The cost of deterrence

Earlier this month, India marked the 20th anniversary of the nuclear tests at Pokhran, which signalled its de facto status as the sixth nuclear power nation of the world. On May 28, 1998, just a fortnight after India’s tests, Pakistan responded with a similar nuclear test, marking its emergence as a rival nuclear power to India.

On the occasion of this anniversary, while the development of South Asian nuclear capability has been analysed through the lens of India’s quest for nuclear power, it is also important to consider how the balance of strategic nuclear power has evolved over the past two decades.

First, it is clear that Pakistan’s assertion of nuclear parity and India’s ‘no first use policy’ for its nuclear weapons provided Islamabad with the power of deterrence. ‘Deterrence’ in this context implies one side discouraging the other from undertaking an action by instilling a fear of disproportionate consequences. In the nuclear context, deterrence is a powerful force because of the overwhelmingly destructive nature of these weapons.

Pakistan’s nuclear test in response to India was a case of the country deterring India from undertaking any major action, conventional or nuclear, against it, even if the situation demanded it. The December 2001 Parliament attack and the 2008 Mumbai terror attacks are two such instances where India’s potential for military action seemed to be have been deterred by Pakistan’s nuclear arsenal. It is difficult to say what course of action India could have taken on both these occasions had the two neighbours remained non-nuclear power states. Being a responsible state which values the life of its citizens, India couldn’t afford to risk a nuclear strike by Pakistan in the face of Indian escalation, especially as India likely believed Pakistan’s intention of using its nuclear arsenals, including “theatre nukes”. In this context, nuclear weapons programmes reduce the power gap between two unequal conventional weapon states. Under multiple game-theoretic scenarios, the deterrence effect of nuclear weapons makes nuclear war less likely.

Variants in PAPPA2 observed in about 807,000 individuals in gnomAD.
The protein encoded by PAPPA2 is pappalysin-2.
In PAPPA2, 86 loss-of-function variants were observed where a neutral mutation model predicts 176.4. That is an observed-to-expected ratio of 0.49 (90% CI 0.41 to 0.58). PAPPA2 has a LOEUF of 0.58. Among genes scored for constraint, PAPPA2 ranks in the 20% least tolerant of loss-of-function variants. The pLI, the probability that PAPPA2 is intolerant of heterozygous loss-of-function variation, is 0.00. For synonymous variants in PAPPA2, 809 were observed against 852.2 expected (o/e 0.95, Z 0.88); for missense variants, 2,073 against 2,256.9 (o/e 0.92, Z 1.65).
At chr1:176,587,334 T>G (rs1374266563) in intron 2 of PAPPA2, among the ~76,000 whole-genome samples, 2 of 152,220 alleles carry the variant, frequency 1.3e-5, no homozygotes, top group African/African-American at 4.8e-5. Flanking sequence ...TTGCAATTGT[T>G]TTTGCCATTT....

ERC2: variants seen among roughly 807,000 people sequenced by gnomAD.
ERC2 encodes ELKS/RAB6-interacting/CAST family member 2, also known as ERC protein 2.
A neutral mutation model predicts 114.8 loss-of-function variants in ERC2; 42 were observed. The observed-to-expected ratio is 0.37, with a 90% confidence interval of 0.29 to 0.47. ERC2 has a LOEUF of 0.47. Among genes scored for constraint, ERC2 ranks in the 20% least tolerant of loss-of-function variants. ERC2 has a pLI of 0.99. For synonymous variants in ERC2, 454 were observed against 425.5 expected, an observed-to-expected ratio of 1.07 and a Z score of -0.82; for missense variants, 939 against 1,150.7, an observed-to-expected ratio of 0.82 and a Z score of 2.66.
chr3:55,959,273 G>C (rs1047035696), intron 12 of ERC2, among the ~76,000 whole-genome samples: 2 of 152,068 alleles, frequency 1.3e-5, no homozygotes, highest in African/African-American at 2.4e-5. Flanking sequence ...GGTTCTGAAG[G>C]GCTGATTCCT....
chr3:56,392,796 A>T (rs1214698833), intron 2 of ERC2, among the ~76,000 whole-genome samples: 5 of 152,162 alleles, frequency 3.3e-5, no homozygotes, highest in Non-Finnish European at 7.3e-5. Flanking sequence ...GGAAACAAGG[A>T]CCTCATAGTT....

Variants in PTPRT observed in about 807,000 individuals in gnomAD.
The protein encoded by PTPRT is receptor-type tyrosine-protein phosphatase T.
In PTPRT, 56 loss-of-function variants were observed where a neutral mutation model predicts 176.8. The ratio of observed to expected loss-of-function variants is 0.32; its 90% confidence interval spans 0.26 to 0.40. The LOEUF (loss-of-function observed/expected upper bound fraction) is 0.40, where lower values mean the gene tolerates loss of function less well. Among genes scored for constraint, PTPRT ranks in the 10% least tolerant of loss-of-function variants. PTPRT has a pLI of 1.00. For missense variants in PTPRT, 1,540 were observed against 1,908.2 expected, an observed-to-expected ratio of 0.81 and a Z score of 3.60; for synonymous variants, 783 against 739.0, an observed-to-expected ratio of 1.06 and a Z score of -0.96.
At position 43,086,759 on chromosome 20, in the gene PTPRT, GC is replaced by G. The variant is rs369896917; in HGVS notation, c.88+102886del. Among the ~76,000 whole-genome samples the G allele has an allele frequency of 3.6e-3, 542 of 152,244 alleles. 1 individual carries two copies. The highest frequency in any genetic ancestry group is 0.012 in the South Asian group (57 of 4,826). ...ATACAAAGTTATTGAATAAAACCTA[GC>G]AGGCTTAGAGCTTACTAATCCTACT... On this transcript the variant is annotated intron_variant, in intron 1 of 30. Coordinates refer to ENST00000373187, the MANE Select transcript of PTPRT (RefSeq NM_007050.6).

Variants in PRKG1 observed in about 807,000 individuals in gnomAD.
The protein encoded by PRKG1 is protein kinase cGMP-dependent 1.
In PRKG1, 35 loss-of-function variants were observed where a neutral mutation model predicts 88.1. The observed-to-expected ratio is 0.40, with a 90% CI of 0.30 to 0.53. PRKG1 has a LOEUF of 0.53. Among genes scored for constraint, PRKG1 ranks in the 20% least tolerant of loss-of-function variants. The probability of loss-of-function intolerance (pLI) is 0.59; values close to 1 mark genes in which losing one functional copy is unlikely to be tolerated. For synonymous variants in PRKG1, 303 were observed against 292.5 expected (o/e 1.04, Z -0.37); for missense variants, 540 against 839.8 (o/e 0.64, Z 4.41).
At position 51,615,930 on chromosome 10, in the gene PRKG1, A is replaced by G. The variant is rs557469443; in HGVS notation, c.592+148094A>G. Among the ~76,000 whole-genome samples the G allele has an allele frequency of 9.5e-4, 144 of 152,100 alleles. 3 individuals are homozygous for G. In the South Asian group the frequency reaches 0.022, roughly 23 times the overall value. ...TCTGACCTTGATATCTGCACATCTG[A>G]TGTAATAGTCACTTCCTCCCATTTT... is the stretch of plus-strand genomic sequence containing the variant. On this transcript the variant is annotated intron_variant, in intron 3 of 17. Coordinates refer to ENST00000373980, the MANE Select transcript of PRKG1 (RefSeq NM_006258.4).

However, there is also the issue of responsible use. Some argue that a less responsible nuclear state is likely to intimidate a more responsible one by threatening to use nuclear weapons against the latter without fearing its own annihilation, in the event of a massive retaliation. To a certain extent, the argument goes, this reflects the value of life imputed by the government of the smaller nuclear power to its people.

In building a nuclear arsenal, there is also the issue of cost, which, in the case of emerging countries such as India and Pakistan, is considerable. The past few decades of a nuclear South Asia have not only been a story of nuclear deterrence, but also of proliferation and an arms race that has consumed on a vast scale scarce resources that could arguably have been deployed for non-military, welfare purposes.

The author is a Junior Research Fellow at School of International Studies, Jawaharlal Nehru University, New Delhi

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Printable version | Oct 20, 2020 1:29:04 PM |

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